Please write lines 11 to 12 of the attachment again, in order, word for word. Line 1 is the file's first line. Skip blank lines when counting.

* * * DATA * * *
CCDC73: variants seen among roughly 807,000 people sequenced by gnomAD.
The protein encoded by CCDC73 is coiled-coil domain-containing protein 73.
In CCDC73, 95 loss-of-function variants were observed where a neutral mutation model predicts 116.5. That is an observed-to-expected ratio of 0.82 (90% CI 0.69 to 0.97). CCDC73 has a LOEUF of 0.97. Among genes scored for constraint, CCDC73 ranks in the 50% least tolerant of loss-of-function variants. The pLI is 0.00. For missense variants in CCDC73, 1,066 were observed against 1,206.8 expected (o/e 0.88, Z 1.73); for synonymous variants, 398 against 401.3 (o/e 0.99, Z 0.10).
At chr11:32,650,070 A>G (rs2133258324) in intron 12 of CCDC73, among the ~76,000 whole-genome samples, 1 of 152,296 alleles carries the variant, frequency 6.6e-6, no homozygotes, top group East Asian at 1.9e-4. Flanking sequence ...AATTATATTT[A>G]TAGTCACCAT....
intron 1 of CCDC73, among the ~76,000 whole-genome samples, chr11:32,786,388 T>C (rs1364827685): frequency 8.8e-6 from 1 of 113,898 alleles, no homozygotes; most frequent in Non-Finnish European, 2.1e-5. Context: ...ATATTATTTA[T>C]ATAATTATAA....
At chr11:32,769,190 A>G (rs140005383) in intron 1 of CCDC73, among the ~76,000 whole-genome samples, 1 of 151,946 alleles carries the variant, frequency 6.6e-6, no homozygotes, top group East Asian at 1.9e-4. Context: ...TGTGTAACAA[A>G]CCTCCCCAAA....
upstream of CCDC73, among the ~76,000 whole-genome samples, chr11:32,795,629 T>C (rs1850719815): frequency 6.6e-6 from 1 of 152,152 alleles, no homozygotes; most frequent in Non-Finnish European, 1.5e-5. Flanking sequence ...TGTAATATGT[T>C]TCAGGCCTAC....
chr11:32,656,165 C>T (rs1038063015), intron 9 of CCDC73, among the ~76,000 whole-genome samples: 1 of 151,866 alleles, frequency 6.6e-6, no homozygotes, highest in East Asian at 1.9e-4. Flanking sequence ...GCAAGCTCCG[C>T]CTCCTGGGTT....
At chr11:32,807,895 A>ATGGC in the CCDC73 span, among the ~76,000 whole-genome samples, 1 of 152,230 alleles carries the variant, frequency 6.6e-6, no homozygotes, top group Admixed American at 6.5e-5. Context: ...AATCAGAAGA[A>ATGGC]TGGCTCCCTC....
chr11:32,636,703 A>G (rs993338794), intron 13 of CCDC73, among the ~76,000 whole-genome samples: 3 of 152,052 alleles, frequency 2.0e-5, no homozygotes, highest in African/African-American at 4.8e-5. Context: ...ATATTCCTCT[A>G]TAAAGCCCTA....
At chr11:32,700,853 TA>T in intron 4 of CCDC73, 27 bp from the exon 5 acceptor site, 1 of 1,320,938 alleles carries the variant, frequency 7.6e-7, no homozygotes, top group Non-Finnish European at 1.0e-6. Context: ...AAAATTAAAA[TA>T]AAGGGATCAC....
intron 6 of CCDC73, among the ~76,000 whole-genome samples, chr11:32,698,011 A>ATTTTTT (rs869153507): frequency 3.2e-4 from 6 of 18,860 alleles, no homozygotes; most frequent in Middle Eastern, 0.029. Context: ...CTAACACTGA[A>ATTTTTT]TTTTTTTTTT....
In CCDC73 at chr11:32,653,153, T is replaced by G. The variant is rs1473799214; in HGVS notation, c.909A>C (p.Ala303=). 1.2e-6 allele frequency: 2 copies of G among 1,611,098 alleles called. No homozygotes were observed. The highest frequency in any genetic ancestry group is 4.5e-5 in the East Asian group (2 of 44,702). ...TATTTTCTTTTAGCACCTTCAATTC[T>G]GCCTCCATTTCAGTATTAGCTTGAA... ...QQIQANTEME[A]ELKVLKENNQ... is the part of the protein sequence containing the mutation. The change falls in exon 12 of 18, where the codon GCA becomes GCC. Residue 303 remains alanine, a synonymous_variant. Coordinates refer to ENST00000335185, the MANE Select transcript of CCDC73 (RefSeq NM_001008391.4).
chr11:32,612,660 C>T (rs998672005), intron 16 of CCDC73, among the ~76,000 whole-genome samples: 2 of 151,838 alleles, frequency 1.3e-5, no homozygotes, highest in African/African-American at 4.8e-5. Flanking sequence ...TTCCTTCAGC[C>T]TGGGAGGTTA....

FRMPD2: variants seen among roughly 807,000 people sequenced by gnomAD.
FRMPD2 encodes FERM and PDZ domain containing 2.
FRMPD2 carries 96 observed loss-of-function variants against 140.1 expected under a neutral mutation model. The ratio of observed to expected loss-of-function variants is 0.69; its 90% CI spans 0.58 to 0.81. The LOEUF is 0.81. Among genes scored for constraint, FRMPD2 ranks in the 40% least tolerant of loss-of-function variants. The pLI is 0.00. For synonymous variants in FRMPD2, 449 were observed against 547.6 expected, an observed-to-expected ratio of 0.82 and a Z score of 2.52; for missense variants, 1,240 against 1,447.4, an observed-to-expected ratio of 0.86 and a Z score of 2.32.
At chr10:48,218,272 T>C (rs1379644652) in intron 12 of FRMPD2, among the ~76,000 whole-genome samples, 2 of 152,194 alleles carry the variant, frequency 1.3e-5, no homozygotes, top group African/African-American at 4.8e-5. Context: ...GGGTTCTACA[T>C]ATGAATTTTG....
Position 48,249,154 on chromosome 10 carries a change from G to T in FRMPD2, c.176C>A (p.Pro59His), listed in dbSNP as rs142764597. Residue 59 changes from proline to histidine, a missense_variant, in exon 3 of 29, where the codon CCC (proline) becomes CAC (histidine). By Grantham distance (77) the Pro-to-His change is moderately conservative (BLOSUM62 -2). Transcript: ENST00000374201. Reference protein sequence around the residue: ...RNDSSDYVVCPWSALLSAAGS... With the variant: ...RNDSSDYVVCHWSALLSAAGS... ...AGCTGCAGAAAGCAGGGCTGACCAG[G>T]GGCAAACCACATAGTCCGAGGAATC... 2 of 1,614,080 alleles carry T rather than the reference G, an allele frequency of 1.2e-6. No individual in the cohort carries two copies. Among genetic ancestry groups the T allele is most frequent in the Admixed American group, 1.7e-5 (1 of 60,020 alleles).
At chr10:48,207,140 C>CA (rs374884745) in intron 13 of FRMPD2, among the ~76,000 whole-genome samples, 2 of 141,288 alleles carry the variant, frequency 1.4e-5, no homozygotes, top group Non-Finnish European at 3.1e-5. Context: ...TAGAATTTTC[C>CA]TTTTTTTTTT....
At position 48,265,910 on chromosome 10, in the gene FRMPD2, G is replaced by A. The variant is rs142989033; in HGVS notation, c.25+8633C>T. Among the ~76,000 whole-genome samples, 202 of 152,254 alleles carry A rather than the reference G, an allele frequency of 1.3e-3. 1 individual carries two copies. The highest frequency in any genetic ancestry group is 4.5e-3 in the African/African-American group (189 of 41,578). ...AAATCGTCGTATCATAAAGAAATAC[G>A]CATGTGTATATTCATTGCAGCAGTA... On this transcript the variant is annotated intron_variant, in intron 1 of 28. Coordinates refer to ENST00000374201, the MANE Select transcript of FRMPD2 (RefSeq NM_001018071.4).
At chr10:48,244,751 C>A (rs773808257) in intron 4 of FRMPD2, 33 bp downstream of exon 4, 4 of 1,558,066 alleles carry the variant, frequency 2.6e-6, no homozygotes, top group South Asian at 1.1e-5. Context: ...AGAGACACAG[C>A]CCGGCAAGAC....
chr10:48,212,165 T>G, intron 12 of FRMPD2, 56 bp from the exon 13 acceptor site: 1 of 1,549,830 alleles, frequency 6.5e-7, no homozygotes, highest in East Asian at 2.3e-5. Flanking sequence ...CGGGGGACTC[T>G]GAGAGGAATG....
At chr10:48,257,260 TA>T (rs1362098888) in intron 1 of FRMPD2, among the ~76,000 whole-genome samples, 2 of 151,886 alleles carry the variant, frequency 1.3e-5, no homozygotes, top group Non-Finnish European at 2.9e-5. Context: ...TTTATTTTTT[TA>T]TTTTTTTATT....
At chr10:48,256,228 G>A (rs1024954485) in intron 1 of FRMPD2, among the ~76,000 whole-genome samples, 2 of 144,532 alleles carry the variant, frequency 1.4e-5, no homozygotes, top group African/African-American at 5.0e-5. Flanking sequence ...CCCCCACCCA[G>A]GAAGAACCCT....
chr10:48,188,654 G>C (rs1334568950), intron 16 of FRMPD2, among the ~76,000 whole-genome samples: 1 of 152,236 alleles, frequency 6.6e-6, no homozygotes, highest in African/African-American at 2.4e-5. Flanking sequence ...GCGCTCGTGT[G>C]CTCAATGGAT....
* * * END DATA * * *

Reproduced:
At chr11:32,700,853 TA>T in intron 4 of CCDC73, 27 bp from the exon 5 acceptor site, 1 of 1,320,938 alleles carries the variant, frequency 7.6e-7, no homozygotes, top group Non-Finnish European at 1.0e-6. Context: ...AAAATTAAAA[TA>T]AAGGGATCAC....
intron 6 of CCDC73, among the ~76,000 whole-genome samples, chr11:32,698,011 A>ATTTTTT (rs869153507): frequency 3.2e-4 from 6 of 18,860 alleles, no homozygotes; most frequent in Middle Eastern, 0.029. Context: ...CTAACACTGA[A>ATTTTTT]TTTTTTTTTT....